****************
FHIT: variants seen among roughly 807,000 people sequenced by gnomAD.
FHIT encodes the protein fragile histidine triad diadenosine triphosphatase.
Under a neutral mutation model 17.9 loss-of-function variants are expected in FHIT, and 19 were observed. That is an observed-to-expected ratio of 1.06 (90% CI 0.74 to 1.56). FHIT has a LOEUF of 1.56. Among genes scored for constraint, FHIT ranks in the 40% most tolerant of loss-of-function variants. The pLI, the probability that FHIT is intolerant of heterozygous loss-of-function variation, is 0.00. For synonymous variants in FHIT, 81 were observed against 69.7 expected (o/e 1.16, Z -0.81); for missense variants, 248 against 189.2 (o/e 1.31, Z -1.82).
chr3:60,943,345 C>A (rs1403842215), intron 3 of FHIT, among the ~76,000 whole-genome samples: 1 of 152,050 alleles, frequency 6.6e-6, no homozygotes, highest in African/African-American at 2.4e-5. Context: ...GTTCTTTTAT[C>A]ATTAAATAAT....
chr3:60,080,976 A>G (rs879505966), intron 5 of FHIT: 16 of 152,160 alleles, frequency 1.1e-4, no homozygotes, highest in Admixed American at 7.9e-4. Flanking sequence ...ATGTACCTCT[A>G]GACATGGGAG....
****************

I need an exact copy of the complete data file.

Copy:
FHIT: variants seen among roughly 807,000 people sequenced by gnomAD.
FHIT encodes the protein fragile histidine triad diadenosine triphosphatase.
Under a neutral mutation model 17.9 loss-of-function variants are expected in FHIT, and 19 were observed. That is an observed-to-expected ratio of 1.06 (90% CI 0.74 to 1.56). FHIT has a LOEUF of 1.56. Among genes scored for constraint, FHIT ranks in the 40% most tolerant of loss-of-function variants. The pLI, the probability that FHIT is intolerant of heterozygous loss-of-function variation, is 0.00. For synonymous variants in FHIT, 81 were observed against 69.7 expected (o/e 1.16, Z -0.81); for missense variants, 248 against 189.2 (o/e 1.31, Z -1.82).
chr3:60,943,345 C>A (rs1403842215), intron 3 of FHIT, among the ~76,000 whole-genome samples: 1 of 152,050 alleles, frequency 6.6e-6, no homozygotes, highest in African/African-American at 2.4e-5. Context: ...GTTCTTTTAT[C>A]ATTAAATAAT....
chr3:60,080,976 A>G (rs879505966), intron 5 of FHIT: 16 of 152,160 alleles, frequency 1.1e-4, no homozygotes, highest in Admixed American at 7.9e-4. Flanking sequence ...ATGTACCTCT[A>G]GACATGGGAG....